“Do you ask me what you should regard as especially to be avoided? I say, crowds.”
Being the introvert I am, this answer from Seneca (letter 7) received from me a warm welcome and strong affirmation. However, I quickly learned that his reasoning was not formed from a fear of crowds or a feeling of discomfort one might experience in a room full of people. Instead, Seneca issued his warning against the crowd for the harm it imposes upon one’s soul.
In his experience, Seneca had never safely committed himself to a crowd without suffering some loss or injury to his character. He confesses that he never returns home with the same morals or character he had when first leaving and setting out into the public.
Numquam mores quos extuli refero . . .
Why? What happens?
Two things take place. First, those habits and virtues diligently and carefully formed are quickly disrupted (turbatur), and secondly, those habits and vices expunged, return.
Aliquid ex eo quod composui turbatur, aliquid ex iis quae fugavi redit.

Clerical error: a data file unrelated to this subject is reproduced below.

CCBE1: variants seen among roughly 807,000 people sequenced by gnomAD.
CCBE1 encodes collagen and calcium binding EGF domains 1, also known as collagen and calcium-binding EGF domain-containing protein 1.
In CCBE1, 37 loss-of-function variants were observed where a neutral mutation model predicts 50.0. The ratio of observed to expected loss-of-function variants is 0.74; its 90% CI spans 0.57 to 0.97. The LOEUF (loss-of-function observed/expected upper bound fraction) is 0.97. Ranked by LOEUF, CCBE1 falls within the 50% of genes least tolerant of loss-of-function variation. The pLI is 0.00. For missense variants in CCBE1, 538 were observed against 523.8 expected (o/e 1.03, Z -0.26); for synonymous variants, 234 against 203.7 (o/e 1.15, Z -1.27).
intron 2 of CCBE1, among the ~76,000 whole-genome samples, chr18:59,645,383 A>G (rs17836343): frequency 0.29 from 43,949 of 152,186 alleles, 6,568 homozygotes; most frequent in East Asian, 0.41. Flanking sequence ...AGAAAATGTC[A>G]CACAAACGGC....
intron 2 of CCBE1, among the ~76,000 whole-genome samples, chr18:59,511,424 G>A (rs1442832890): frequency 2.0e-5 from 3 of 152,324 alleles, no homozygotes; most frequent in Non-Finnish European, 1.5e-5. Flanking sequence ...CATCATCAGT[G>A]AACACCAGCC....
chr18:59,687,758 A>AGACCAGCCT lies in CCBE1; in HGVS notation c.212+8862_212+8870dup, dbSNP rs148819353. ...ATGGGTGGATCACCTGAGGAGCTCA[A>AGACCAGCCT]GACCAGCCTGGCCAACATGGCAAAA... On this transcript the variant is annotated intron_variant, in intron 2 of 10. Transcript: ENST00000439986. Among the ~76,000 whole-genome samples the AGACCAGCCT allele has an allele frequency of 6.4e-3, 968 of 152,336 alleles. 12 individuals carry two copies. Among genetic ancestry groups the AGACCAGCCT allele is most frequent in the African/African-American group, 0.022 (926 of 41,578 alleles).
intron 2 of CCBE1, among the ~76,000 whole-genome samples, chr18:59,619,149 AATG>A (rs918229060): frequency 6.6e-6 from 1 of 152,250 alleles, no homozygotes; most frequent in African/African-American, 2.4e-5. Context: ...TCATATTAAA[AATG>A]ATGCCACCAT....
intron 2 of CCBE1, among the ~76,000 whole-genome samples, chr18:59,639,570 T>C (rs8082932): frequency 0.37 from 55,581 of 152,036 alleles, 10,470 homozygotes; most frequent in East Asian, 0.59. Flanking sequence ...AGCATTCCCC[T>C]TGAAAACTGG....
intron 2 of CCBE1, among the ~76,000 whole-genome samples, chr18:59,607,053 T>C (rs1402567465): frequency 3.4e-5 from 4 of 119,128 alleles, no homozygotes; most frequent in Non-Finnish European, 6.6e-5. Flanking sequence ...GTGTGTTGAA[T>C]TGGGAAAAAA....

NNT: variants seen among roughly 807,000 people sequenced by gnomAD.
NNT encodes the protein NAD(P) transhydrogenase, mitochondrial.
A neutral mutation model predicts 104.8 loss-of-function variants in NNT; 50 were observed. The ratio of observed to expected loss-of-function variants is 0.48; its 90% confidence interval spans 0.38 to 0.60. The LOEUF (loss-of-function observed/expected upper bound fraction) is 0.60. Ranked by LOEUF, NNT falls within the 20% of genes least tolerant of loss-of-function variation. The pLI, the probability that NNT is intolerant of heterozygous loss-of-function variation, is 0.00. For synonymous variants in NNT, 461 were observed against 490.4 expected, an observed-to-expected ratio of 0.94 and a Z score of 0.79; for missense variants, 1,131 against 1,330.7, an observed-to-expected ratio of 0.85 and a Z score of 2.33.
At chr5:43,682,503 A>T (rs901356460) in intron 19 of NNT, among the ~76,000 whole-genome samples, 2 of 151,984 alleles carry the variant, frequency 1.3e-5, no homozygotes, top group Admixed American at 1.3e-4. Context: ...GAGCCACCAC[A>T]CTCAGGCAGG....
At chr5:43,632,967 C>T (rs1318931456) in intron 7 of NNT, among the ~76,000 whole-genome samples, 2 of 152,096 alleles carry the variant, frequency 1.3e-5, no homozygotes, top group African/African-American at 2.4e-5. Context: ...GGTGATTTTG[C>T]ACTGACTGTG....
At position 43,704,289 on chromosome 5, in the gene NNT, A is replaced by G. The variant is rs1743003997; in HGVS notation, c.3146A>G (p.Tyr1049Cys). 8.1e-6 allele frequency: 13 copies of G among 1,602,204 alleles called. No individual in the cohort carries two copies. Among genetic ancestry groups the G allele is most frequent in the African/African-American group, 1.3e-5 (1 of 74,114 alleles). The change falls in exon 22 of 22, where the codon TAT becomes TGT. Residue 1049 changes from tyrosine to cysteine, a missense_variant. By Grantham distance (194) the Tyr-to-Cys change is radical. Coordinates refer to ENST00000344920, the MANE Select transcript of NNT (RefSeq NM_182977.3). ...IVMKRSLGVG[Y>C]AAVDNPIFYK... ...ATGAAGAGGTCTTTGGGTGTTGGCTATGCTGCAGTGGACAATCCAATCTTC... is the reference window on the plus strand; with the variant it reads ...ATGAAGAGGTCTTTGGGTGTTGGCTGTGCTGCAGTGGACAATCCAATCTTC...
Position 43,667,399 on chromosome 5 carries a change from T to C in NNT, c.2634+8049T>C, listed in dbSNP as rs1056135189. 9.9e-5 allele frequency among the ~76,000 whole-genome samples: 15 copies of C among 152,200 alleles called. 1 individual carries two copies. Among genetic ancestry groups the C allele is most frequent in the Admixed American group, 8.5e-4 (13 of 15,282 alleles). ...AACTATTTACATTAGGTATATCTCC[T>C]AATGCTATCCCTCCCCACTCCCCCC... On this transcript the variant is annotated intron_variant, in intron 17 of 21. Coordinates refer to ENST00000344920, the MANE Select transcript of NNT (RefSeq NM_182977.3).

But to what kind of crowd was Seneca referring? In particular, he was referencing the turba (crowd) gathered at the coliseum to watch gladiatorial games that ended in death for those competing.
Yet, let us not so quickly dismiss Seneca’s warning and go about our public business knowing that we are not engaging in the same sort of entertainments. The insight he offers is sound. He unfolds the way a crowd can weaken our virtue. The temptation to fit in and be accepted is real.
How long had Peter labored with our Lord to construct the very virtues he outlines in the first chapter of his second epistle, and how quickly did he attempt to disappear into the crowd when questioned on his knowledge of Jesus?
The turba need not be confined to the coliseum. It need not be restricted to people. What kinds of things, those things that influence and shape our character, do we surround ourselves with? What are the turbae in our lives that may be dis-turbing our souls?
by Lindsey Brigham Knott
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by David Kern
by David Kern